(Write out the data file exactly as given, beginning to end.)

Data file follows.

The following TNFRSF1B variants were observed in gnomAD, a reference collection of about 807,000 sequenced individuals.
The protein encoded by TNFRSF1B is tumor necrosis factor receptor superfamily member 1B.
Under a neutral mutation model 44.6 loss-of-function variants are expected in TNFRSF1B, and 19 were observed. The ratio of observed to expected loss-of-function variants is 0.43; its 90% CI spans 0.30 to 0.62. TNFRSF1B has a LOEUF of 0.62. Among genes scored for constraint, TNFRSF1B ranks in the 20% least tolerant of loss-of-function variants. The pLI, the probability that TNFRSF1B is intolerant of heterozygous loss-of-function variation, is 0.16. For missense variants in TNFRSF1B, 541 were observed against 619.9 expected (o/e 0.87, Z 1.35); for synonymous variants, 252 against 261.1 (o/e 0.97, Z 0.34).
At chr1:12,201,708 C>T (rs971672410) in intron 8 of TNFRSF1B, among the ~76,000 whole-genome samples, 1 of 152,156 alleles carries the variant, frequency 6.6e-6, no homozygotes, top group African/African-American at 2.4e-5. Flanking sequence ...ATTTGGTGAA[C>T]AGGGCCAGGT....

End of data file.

The following TNFRSF1B variants were observed in gnomAD, a reference collection of about 807,000 sequenced individuals.
The protein encoded by TNFRSF1B is tumor necrosis factor receptor superfamily member 1B.
Under a neutral mutation model 44.6 loss-of-function variants are expected in TNFRSF1B, and 19 were observed. The ratio of observed to expected loss-of-function variants is 0.43; its 90% CI spans 0.30 to 0.62. TNFRSF1B has a LOEUF of 0.62. Among genes scored for constraint, TNFRSF1B ranks in the 20% least tolerant of loss-of-function variants. The pLI, the probability that TNFRSF1B is intolerant of heterozygous loss-of-function variation, is 0.16. For missense variants in TNFRSF1B, 541 were observed against 619.9 expected (o/e 0.87, Z 1.35); for synonymous variants, 252 against 261.1 (o/e 0.97, Z 0.34).
At chr1:12,201,708 C>T (rs971672410) in intron 8 of TNFRSF1B, among the ~76,000 whole-genome samples, 1 of 152,156 alleles carries the variant, frequency 6.6e-6, no homozygotes, top group African/African-American at 2.4e-5. Flanking sequence ...ATTTGGTGAA[C>T]AGGGCCAGGT....